Hello, Chen in 2017.
After running for a year, you are no longer alone. Through running, you've made friends who run with you. Through these friends, you share the mutual world of running; they share the same passion as you.
"Chen, the last time I ran a marathon, I saw there were many pacers. The pacer I was following made running feel really steady and easy."
"Yeah, runners who can be pacers are naturally great runners." I reply.
Let's be honest, even at that time, you knew that running is one of the most rewarding things to do for growth.
To grow, is to hope that one day, someone will applaud you for your accomplishments.
It's become apparent that because of your running hobby, you've started paving your path. It's not as complicated as you though: it's as simple as running.
"Run 5km, run 10km, run a half marathon, run a full marathon."
Finish first, applaud after.
You've now run as a pacer in a race to prove that you can run at a steady speed.
Not only have you completed a marathon, you've also improved your speed and gotten a new PB, you now only feel half exhausted after finishing.
Because of these experiences and goals, running is no longer equated with boredom, but it has brought about more meaning.
"Chen, I admire you for being able to keep going."
"No, no, it's just a hobby." I say.
To be fair, hobbies are the things that we do out of passion to feel we're alive. Running is just that.
"One day, I'll be able to run a marathon under 3 hours."
3. Hard Work Pays Off
Hello, Chen in 2018.
After three years of running, not only do you know many people because of running, but many people know of you. You can't even imagine the experiences you've gained. By running, you've broken barriers. You've seen so many amazing and humble runners.
Amazing, yet humble. You look at their pace and compliment them. They are shy and modest. You ask them their insight on how to improve running performance. They share with enthusiasm.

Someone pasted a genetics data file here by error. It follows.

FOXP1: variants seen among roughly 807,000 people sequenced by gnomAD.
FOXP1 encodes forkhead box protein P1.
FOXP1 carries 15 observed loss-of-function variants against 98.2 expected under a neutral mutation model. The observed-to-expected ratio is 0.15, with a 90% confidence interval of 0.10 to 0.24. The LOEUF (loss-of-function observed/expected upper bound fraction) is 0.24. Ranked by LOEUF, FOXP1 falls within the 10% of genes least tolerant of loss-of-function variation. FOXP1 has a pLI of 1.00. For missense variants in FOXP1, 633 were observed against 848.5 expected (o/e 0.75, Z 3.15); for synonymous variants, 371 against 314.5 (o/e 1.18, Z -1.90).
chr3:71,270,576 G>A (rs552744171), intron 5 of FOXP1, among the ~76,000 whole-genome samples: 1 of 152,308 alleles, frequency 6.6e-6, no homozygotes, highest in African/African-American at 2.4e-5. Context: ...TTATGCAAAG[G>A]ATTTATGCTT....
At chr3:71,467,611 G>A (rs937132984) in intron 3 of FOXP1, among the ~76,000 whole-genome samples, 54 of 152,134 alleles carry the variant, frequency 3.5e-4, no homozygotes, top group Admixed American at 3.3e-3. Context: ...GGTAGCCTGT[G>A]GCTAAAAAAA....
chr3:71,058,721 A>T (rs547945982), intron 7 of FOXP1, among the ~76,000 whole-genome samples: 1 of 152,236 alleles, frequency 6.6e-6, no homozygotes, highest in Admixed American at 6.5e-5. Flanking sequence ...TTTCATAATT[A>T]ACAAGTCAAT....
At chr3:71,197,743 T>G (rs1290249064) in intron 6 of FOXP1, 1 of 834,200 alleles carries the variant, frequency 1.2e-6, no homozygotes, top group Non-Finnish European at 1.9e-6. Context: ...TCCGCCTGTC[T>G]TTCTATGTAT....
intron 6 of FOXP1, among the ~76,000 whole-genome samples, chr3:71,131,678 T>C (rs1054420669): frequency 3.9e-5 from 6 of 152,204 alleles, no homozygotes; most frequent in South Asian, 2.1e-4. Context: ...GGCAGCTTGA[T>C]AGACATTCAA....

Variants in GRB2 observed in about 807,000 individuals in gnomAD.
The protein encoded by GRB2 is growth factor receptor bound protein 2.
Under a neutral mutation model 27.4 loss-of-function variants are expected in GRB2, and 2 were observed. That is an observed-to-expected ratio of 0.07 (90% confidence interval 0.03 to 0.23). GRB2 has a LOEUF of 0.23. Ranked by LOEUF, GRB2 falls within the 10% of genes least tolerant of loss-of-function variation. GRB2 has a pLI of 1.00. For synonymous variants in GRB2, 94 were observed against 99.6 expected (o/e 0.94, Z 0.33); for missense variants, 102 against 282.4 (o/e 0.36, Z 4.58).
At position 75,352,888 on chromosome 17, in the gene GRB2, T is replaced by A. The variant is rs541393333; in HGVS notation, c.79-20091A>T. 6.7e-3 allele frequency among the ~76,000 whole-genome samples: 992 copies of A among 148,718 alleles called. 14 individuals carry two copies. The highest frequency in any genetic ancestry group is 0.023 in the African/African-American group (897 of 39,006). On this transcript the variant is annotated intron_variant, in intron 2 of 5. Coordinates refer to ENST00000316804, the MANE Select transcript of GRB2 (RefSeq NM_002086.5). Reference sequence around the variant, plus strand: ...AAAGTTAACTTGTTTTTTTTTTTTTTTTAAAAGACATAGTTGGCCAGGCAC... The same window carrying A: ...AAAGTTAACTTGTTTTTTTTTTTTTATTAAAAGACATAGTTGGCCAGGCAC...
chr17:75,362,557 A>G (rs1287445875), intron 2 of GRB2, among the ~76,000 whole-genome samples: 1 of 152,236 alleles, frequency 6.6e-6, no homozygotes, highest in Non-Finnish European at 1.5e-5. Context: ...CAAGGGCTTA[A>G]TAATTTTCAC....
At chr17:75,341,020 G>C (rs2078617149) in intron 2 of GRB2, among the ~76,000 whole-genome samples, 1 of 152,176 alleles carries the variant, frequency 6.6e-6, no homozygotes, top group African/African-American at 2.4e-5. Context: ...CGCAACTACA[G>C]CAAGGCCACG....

Starting this year, the best gratitude is to share what you've learned.
When you see something good, you can't help but share it with more people and let more people see what you see.
In addition to running, you've also tried trail running, which is a lot of fun, but even harder. How can these runners run up mountains?
How can anyone love this kind of sport?
The experienced runners all run so fast on the trails. If you've completed a marathon trail running, even better.
These trail runners wear the best outdoors clothes and speak with such knowledge.
"Oh, I can't keep going, I can't run. If there's anymore uphill I might pass out."
The person who said these words came in first place during the race.
"Let him run, I'm going to stop at the aid station to eat a bit, I'll catch up to him later." The person who said this really caught up with the runner ahead of him, even after stopping to eat.
Running is no longer just a hobby for you, but through running you've found a deep passion: something that excites you within and gives you meaning.
"If I could go back in time, I'd start running earlier and get to know all these amazing people."
After running for 5 years, I've heard many people comment and tell me that I am their "running goals". The simple truth of it, is that we're all ordinary people, and most of us are just very lucky to have found running as our hobby. For my running time, I'm more than happy to pay for.
The question I get asked the most: "How to improve running performance?"
My answer is: "Just run step by step, improve slowly, little by little, and don't stress about it."
When starting out, it's very likely that you'll have false knowledge of running, and you'll push yourself for immediate results. Don't do that. Mix up your running, don't omit speed workouts, long runs, easy runs. They're all crucial to your improvement. And REST.
But the real trick here is still: You have to explore, run, and pay your personal time for talent.
On my journey from a beginner to a marathon runner, I've noticed there are so many people around me with clear goals.
They wake up before the crack of dawn and run in the dark. They manage to balance work and life. They're clearly tired and not understood by people who don't run.
Even if I don’t understand it, I still run. I run countless times a month just to increase my PR by a minute. Where is the so-said "running goals?" This is clearly insanity.
But I truly feel that it is a good thing for people to have a hobby they enjoy.
"How do you keep going with your running?"
"Don't be afraid of not reaching your goals, of not achieving your dreams. Because, with consistent work, you will."
Nice to meet you, Chen of 2021.